The term “terrace garden” can refer to a garden which is established on a terrace, roof, or patio, usually in a house where there is limited gardening space. These types of gardens are especially popular in urban areas, and they are sometimes used in restaurants and other establishments as well. Availability of space is an important consideration for terrace farming. It must be ensured that the terrace receives ample sunlight. If there are areas where the sun is too harsh, you can cover them with a shade, or opt-out of placing your plants there. Baskets, grow bags or even an artificial lawn can be used on the surface of the terrace. If you are looking for an economical terrace garden, grow bags are a better option, but make sure that the bottom of these bags is waterproofed to avoid any leakage into the home. Some vegetables that can be grown easily are beans, tomatoes, chillies, herbs, leafy vegetables and brinjals. If larger space is available you could try climbers and root vegetables. If the terrace is strong with ample space then different fruit-bearing trees can be cultivated by carrying out efficient training and prunning, but always opt for indigenous seeds when doing so. ‘Desi’ seeds can withstand any climatic condition and give you a better harvest. Moreover, they are easily available in the market.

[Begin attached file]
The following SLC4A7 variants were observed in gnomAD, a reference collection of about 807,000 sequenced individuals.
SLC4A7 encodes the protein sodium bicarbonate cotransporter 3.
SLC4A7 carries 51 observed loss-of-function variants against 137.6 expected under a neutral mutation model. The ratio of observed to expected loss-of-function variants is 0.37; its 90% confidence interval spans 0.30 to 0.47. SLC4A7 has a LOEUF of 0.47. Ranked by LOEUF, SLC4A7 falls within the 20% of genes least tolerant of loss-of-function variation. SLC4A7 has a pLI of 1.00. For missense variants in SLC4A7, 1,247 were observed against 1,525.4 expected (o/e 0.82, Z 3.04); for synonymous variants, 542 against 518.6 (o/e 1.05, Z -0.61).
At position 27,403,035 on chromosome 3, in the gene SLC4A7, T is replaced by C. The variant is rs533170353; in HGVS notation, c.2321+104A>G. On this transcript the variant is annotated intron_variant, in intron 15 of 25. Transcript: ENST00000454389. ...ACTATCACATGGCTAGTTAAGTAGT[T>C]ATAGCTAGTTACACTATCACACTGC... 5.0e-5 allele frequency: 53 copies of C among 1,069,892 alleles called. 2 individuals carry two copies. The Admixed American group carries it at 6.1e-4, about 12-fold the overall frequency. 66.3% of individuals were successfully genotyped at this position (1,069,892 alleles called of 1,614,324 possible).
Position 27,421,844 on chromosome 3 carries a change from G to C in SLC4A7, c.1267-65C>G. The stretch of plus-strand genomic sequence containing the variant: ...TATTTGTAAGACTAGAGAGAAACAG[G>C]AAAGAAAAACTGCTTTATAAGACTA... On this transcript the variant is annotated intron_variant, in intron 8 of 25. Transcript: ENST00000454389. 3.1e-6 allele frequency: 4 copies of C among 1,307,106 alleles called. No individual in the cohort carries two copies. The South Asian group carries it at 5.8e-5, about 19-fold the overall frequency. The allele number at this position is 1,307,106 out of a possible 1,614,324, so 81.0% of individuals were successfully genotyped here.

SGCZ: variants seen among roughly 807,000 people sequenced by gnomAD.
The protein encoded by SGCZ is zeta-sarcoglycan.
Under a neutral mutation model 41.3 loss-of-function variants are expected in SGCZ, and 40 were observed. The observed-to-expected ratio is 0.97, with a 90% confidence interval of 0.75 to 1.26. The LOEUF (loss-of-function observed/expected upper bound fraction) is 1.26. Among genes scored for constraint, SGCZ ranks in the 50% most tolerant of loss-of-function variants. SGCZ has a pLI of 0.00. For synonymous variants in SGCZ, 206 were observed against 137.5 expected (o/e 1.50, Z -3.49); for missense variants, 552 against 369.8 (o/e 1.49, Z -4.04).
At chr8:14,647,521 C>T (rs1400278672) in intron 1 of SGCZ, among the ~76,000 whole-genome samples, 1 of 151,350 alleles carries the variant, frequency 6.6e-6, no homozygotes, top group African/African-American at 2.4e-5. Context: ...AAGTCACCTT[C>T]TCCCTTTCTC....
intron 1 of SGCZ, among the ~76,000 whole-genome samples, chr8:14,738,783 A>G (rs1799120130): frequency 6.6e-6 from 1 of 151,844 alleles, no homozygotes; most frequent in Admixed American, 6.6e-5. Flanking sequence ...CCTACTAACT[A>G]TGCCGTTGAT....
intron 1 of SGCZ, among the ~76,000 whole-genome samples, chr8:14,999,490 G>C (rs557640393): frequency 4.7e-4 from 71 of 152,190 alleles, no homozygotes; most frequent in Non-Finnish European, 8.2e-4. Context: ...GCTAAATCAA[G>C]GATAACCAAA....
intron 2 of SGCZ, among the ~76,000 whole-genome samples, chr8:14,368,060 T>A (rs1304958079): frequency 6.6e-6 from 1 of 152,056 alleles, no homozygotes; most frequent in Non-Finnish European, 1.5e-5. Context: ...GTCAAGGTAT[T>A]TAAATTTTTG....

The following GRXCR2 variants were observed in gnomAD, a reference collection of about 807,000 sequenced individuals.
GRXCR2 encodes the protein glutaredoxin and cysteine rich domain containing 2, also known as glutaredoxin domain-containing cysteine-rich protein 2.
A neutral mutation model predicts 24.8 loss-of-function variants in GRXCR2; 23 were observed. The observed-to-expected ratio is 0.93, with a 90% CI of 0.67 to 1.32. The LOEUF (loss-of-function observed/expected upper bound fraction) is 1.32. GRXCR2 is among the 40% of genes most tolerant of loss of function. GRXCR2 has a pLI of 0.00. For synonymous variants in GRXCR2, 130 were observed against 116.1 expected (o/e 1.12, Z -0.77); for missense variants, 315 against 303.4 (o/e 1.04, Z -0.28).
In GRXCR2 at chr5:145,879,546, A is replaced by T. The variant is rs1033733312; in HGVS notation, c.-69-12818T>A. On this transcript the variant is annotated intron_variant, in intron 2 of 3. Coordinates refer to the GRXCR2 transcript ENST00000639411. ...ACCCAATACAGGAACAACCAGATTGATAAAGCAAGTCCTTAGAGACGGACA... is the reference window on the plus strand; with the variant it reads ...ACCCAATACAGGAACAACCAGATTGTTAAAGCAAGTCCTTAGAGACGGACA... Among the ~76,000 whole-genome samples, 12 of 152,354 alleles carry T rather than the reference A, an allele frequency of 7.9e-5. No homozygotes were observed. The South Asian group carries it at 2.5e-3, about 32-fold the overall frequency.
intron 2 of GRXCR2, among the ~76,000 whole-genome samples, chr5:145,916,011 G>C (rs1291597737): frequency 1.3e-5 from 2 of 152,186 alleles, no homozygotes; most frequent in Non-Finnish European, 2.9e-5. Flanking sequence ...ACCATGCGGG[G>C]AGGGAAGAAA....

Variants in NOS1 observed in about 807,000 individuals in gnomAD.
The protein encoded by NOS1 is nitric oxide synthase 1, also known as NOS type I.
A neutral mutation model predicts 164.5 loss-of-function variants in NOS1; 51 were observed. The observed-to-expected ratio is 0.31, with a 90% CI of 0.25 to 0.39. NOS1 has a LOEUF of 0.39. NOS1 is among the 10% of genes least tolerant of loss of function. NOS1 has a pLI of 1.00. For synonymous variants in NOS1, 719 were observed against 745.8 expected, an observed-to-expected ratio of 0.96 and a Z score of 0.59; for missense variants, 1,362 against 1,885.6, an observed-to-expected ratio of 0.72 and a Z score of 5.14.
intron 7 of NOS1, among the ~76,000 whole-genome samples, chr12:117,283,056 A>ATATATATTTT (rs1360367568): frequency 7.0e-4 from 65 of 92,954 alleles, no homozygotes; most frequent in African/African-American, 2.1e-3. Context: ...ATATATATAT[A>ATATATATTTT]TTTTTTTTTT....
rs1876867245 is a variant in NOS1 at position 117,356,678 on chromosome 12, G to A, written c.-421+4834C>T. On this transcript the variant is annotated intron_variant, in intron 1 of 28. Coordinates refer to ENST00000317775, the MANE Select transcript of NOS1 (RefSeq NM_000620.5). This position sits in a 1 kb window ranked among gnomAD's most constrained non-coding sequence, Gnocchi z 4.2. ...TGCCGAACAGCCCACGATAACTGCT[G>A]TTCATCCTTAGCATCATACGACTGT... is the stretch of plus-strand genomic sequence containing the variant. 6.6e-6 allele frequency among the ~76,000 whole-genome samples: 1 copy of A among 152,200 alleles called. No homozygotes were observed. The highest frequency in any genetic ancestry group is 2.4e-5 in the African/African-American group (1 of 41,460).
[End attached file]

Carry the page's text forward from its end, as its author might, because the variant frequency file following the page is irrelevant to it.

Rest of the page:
Making your own soil is crucial for terrace gardening. This mix should ideally consist of regular soil, compost coir peat/sand and vermicompost, in equal quantities. It’s important to add the mix to the soil weekly because the nutrients have a tendency of washing away during watering and also rain. Eventually you can create your own compost and even make fertilisers and pesticides from the garden’s vegetable and fruit waste. Watering plants twice a day keeps them hydrated, especially during the summers.
Patience is Key: Experts have repeatedly said that patience is key.Terrace gardening is no rocket science, it’s all about the effort and the care you put into your cultivation. For first-time gardeners, it may be very difficult to go through the initial period of waiting. There’s a high tendency to give up, but the joy of eating a homegrown vegetable or fruit is something else. If much time and effort is put into the garden, then you will get more than what you asked for. Sourcing your soil, seeds and other material from local farmers can really bring down your expenses. With an initial investment of Rs 3,000, anyone can set up their terrace garden. Most of the things required can be sourced easily from nurseries and other organic farms at economical prices.
All such factors make terrace farming a small but powerful tool towards cultivating a sustainable lifestyle. It will make us more close to the nature and help us tackle any scarcity situations in the future. It will also serve as an efficient means of providing the younger generations with a broadened outlook towards where their food comes from.
Pragnya Paramita , Feature Head(Eng) , SHYAMALA SUBARNA